I am a booze enthusiast. It’s a pleasant drink that allows me to be creative in substitutions and alterations. I enjoy the taste, feelings, and social atmosphere which generally accompany alcohol in my life. I am not, however, dependant on it. I frequently go a week or more without drinking and feel just as comfortable in social situations without a drink in my hand. In fact, it is not irregular for me to go to the bar with friends and order an appetizer while they drink. While alcohol is a thoroughly enjoyable part of my life, it is not an especially important one.
There is a drink, however, without which I could not function: coffee. Last summer my fiancé and I bought a espresso machine for our anniversary present. Since then, I’ve been running it pretty much non-stop. The knowledge that in a matter of mere minutes I could have a delicious cappuccino in the comfort of my home has motivated me to leave bed many a mornings to prepare for a run.
On one of these caffeinated runs, I noticed something that has changed the way I train. It was a subtle difference, but I observed that when I ran in the morning, which would typically happen about 30 minutes after drinking coffee, I was able to finish that last half mile with far more gusto than if I ran in the afternoon. Unsure whether it was simply a matter waking up refreshed vs. having gone through half the day, I decided to do some research.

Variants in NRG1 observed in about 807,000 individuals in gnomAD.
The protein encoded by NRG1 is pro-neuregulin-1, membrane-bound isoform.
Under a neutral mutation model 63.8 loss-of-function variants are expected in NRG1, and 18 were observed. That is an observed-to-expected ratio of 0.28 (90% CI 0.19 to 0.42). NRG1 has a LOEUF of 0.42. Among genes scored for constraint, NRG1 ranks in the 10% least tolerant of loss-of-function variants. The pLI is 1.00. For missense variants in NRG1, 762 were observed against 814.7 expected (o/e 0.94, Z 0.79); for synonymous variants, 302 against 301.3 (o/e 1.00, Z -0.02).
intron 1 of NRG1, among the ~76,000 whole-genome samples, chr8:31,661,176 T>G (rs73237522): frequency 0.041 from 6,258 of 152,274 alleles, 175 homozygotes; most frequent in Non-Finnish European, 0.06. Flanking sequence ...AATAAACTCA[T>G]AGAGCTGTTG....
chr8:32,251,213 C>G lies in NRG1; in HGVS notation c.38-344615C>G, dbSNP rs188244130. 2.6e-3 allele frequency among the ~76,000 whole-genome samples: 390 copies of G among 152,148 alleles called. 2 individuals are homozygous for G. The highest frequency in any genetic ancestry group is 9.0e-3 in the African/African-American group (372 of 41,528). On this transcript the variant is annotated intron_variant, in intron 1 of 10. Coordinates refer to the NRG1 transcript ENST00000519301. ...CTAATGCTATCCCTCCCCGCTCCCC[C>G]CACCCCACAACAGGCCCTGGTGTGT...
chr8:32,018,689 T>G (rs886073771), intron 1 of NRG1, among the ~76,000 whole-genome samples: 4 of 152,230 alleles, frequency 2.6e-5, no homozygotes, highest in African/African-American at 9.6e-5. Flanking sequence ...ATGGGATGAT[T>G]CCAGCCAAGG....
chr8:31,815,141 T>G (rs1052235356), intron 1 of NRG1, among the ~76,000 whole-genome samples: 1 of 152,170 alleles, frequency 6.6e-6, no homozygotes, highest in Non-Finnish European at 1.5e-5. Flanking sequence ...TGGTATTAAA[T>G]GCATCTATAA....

General conclusion: yes, it is helpful.
The caffeine found in coffee is helpful to runners in several ways:
Low pain still gain: Caffeine changes how you perceive exertion. It thus helps significantly on long run, which explains why over 75% of Olympic endurance athletes utilize caffeine.
Torching fat: it is not known exactly how caffeine improves fat utilization, however research clearly shows that it does. Improved fat utilization, in turn, provides more energy for the body and reduces its use of glycogen.
Power through: Basically, caffeine helps you work harder. In a seven subject study, researches tested in impact of caffeine consumption of short-term performance and found that caffeine alone improved both the maximal cycling power and maximal voluntary contractions. When combined with proper hydration and fuel, it also increased maximal leg force.
How much you need: those new to exercising with caffeine should stick with low doses at first. Every body will respond differently so slowly increasing intake is the safest way to go. Runners World recommends beginning with a 25 mg gel. So, since I weigh about 105, I should consume around 150 mg of caffeine. Recent studies have shown that the positive impact of caffeine consumption maxes out at around 250 mg, so it is not recommended that anyone exceed that.
Some warnings: consistently training with caffeine can lead to several complications. This article does as excellent job laying them out. The author recommends saving caffeine for race days, but in my non-professional opinion there are many options between the extremes of using caffiene every time you train and only using it on race days. Additionally, he is looking at much higher concentrations of caffeine than you would get from a cup of coffee or shot of espresso. I personally like to fuel my long runs with coffee and go on my short runs uncaffeinated.
Additionally, a combination of caffeine and high levels of exertion can lead to light headedness. That happened to me once when I did not eat some simple carbs before a long run. To avoid this, make sure that you slowly increase the amount of caffeine you consume, as mentioned earlier, and practice proper nutrition.
So, if you’re interested in adding some extra energy to your run, consider slowly introducing caffeine into your training plan.